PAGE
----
By Joseph Sawicki, Vice President & General Manager, Design to Silicon Division
It is one of the more amazing stories in the continued march of Moore’s Law over the past four nodes. Previously scaling was enabled solely though changes in the physical domain, whether through decreasing the wavelength of light, increasing the numerical aperture, or producing chemically amplified resists. Starting at 180 nm software has become a critical driver of scaling. The discipline of Computational Lithography (CL) combines software architecture and high performance computing, with modeling of the scanner, resist and etch process, into a system that can correct for the deficiencies of the physical domain by correcting the shapes on the mask.
As a measure of how far this discipline has come, it is interesting to look at the processing necessary to implement this correction in an advanced node. Current estimates for the 28nm node show the need for about ten teraflops of sustained performance for about 24 hours in order to correct a single critical layer. To put this in perspective, the top computer on the world TOP500 Supercomputer Sites list (www.top500.org) did not hit this level until 2002! Key to this innovation was work in the area of high performance computing to allow standard computers connected through an Ethernet backplane to be combined effectively to solve this problem. What is particularly stunning is that we can achieve this performance level using just 800 CPU cores.
Continued scaling in the absence of EUV will require continued innovation in CL. Techniques for managing double patterning, double dipole lithography, model-based Sub-Resolution Assist Features and optimized illuminators are all in late development or deployment stages today.
The most aggressive development efforts in CL are in the area of Source Mask Optimization. Here the concept is to go beyond modifications in the mask alone, instead co-optimizing the illuminator and mask on a per-design basis. Doing so has the potential to significantly increase the process window available with a 193nm scanner, and could be used to extend optical lithography to the 16nm node.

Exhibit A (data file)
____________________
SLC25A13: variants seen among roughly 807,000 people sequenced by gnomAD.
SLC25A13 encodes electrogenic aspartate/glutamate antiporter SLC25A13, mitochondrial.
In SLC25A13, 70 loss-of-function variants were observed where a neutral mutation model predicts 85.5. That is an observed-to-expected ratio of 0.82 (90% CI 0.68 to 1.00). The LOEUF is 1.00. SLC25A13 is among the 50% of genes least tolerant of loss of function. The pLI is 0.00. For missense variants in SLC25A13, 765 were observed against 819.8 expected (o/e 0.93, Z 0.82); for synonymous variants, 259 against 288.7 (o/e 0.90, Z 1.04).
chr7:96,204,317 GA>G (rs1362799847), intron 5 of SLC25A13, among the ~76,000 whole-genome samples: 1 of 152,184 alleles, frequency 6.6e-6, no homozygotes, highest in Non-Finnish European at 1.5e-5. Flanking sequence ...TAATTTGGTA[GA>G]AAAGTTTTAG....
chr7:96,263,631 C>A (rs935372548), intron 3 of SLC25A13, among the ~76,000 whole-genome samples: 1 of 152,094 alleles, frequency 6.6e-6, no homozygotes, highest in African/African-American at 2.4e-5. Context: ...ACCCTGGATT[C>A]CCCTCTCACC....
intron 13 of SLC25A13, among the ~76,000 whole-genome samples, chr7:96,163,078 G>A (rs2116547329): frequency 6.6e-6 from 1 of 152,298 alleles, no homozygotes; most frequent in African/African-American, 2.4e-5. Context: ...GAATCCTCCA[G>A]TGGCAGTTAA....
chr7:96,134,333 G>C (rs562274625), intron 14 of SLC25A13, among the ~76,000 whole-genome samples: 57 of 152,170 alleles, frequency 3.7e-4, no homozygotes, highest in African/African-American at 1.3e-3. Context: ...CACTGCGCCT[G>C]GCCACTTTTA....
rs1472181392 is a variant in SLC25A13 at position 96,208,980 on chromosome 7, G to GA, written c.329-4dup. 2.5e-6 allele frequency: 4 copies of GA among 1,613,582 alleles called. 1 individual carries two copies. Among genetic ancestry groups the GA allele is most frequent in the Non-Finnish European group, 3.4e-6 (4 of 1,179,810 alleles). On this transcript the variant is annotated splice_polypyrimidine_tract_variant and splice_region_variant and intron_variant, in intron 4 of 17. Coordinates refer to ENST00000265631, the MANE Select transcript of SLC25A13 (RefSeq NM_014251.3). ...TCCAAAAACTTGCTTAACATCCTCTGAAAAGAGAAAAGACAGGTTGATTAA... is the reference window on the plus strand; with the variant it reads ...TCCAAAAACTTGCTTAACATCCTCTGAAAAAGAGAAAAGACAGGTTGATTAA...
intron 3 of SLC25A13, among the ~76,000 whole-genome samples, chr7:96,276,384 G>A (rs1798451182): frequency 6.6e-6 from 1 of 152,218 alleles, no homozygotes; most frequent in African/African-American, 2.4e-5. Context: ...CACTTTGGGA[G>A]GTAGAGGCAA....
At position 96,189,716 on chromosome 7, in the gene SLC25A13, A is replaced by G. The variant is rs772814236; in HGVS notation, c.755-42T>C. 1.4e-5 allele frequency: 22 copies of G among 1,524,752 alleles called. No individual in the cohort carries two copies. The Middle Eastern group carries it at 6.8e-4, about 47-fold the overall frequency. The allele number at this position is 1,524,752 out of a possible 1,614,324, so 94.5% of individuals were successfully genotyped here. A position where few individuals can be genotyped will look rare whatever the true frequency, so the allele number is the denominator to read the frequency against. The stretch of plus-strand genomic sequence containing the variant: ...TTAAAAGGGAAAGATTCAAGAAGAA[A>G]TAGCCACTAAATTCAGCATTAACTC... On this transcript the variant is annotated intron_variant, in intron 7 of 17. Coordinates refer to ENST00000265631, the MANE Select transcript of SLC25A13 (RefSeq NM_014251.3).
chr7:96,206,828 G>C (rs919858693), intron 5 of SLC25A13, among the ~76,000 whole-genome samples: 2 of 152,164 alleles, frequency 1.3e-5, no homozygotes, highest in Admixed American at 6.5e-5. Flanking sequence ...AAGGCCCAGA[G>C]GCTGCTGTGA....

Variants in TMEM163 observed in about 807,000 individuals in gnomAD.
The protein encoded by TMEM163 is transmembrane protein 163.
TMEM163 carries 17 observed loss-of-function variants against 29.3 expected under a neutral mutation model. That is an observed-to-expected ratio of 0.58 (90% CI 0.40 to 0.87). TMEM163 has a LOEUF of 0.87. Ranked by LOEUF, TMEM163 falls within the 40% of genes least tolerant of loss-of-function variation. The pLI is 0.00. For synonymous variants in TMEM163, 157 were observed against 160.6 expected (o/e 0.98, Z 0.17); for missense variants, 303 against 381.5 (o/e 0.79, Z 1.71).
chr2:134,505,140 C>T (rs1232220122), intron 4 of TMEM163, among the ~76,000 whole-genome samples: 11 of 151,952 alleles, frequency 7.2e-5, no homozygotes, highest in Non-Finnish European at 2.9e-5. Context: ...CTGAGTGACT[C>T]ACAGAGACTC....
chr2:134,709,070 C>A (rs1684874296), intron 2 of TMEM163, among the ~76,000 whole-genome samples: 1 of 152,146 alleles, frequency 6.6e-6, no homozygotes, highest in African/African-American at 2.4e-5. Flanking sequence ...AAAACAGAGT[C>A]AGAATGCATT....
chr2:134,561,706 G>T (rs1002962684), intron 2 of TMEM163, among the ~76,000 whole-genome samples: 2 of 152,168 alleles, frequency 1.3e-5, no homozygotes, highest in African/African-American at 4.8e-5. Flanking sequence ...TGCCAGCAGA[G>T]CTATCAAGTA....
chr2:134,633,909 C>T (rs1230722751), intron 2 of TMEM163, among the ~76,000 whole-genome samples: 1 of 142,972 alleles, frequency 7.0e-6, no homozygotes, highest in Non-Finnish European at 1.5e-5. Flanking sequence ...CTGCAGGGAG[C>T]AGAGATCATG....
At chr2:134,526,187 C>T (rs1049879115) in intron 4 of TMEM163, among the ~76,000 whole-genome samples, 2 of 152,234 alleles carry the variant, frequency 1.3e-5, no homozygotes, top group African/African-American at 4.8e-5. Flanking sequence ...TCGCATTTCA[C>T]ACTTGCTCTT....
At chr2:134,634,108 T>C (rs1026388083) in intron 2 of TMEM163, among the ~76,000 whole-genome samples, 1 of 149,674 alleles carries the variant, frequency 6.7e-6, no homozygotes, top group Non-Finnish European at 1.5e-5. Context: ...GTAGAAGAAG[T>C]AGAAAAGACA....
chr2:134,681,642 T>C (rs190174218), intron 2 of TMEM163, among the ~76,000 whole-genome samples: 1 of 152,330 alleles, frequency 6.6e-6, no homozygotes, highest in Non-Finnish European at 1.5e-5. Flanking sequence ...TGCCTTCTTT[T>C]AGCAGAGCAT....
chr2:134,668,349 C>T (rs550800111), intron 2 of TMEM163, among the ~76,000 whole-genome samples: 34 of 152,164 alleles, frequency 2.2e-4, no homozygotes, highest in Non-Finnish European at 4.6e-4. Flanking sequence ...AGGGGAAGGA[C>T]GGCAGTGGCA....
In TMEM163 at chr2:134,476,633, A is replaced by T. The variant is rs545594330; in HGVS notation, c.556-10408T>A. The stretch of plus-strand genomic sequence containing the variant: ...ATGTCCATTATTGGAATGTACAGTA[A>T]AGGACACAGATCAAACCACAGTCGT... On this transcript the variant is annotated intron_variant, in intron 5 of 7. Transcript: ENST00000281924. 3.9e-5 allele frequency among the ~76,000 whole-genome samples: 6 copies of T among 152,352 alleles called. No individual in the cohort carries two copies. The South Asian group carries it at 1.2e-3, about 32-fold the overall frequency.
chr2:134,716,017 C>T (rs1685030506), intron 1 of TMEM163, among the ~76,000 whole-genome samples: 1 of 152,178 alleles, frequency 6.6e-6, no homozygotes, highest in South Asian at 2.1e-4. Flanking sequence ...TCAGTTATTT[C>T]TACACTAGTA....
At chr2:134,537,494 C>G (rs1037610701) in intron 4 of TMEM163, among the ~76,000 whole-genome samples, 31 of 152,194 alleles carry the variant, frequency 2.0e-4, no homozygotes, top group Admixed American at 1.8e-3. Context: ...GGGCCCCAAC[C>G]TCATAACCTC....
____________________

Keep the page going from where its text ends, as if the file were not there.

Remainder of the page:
EUV has been tomorrow’s technology for quite some time now. First thought of as a replacement for 193nm at the 90nm node, its deployment remains a controversial topic. Though there are still some supporters who position EUV as the solution for the 22/20 node, many now believe that continued development issues will delay EUV until the 16/14 nanometer timeframe.
While some commentators also see EUV as a replacement for CL, the delay in EUV’s development ensures that this is not the case. Just looking at K1 (from Rayleigh’s equation: Resolution = K1*λ/NA) will help to understand why this impression is false. Back at the 90nm node, K1 was approximately 0.55 for critical layers and model-based OPC was a necessity. At the 16nm node, K1 for EUV on a critical layer will be even less at 0.47, assuming an NA of 0.25, indicating the continued necessity of CL.
However, K1 alone does not tell the whole story. EUV also has distortions driven by two long range effects: flare and mask shadowing. Capable of driving a total variability across the reticle field of greater than 10nm, these effects will need compensation in order to produce the CD uniformity necessary for successful scaling.
“The End Of,” makes for a very popular headline, and we’ve seen any number of these headlines spoken about semiconductor manufacturing over the years. I’m old enough to remember when it was clear to all that sub-micron manufacturing would never be done. What is clear is that the economics of scaling is a very powerful driver for innovation, affecting the behavior of thousands of engineers and driving significant corporate investment. At some point “The End Of” will come, after all it is difficult to imagine a gate smaller than one atom across. Until then, continued developments in Computational Lithography will help enable scaling for a number of nodes to come.Share this post via: